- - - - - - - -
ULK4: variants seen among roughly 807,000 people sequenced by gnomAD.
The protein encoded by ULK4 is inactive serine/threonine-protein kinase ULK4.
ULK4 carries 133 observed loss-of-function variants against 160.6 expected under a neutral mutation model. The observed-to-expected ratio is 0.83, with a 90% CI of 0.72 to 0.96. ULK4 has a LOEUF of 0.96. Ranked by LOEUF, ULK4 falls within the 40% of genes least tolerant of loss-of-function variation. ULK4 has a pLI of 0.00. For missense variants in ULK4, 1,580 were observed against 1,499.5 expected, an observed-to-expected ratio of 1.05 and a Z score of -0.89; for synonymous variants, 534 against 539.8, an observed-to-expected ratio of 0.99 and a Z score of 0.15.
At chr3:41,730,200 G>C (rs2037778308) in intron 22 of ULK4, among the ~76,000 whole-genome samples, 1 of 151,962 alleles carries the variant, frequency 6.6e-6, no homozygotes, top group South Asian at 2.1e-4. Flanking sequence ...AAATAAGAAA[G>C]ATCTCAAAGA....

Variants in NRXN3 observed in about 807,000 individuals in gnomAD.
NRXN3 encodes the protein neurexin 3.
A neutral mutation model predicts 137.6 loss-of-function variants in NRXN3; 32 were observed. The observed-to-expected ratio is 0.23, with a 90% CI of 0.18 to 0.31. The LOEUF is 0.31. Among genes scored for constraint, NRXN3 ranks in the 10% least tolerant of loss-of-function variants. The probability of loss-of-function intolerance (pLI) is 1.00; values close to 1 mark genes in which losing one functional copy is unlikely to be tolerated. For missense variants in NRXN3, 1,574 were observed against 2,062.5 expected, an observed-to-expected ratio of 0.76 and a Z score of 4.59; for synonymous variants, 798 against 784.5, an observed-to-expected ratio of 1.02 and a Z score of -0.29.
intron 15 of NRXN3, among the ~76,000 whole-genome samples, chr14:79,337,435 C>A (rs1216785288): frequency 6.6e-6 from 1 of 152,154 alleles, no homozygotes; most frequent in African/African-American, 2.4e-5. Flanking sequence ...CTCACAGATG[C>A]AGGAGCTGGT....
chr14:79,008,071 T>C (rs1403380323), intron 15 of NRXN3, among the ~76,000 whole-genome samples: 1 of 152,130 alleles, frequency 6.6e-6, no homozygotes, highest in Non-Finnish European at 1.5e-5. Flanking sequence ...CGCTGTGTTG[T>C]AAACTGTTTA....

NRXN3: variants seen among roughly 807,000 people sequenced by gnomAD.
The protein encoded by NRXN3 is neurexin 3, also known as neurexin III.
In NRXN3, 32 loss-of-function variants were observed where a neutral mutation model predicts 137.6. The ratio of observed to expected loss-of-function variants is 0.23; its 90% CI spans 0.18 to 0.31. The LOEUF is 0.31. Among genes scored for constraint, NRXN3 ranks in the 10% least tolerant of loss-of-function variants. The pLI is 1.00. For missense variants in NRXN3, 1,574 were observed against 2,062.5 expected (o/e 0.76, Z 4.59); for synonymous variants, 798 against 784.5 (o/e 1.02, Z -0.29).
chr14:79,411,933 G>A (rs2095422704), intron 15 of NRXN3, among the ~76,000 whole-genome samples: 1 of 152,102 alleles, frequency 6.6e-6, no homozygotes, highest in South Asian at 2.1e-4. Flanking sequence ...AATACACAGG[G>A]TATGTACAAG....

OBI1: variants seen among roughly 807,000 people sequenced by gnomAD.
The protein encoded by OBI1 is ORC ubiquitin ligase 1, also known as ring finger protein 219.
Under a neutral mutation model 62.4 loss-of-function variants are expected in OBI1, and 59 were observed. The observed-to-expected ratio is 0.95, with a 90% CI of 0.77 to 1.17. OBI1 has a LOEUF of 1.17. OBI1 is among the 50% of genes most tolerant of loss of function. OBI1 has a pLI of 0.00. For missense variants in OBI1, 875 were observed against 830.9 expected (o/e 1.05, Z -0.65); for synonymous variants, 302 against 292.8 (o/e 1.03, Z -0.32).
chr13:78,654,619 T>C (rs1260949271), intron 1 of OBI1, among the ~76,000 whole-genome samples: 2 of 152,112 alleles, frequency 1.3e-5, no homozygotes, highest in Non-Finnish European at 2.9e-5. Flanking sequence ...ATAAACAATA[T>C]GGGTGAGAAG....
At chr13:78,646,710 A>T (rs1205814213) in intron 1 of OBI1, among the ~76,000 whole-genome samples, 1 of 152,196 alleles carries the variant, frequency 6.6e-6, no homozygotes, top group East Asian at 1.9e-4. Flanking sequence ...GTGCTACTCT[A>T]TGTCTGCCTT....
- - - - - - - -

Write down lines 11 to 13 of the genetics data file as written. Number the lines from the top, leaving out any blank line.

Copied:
The protein encoded by NRXN3 is neurexin 3, also known as neurexin III.
In NRXN3, 32 loss-of-function variants were observed where a neutral mutation model predicts 137.6. The ratio of observed to expected loss-of-function variants is 0.23; its 90% CI spans 0.18 to 0.31. The LOEUF is 0.31. Among genes scored for constraint, NRXN3 ranks in the 10% least tolerant of loss-of-function variants. The pLI is 1.00. For missense variants in NRXN3, 1,574 were observed against 2,062.5 expected (o/e 0.76, Z 4.59); for synonymous variants, 798 against 784.5 (o/e 1.02, Z -0.29).
chr14:79,411,933 G>A (rs2095422704), intron 15 of NRXN3, among the ~76,000 whole-genome samples: 1 of 152,102 alleles, frequency 6.6e-6, no homozygotes, highest in South Asian at 2.1e-4. Flanking sequence ...AATACACAGG[G>A]TATGTACAAG....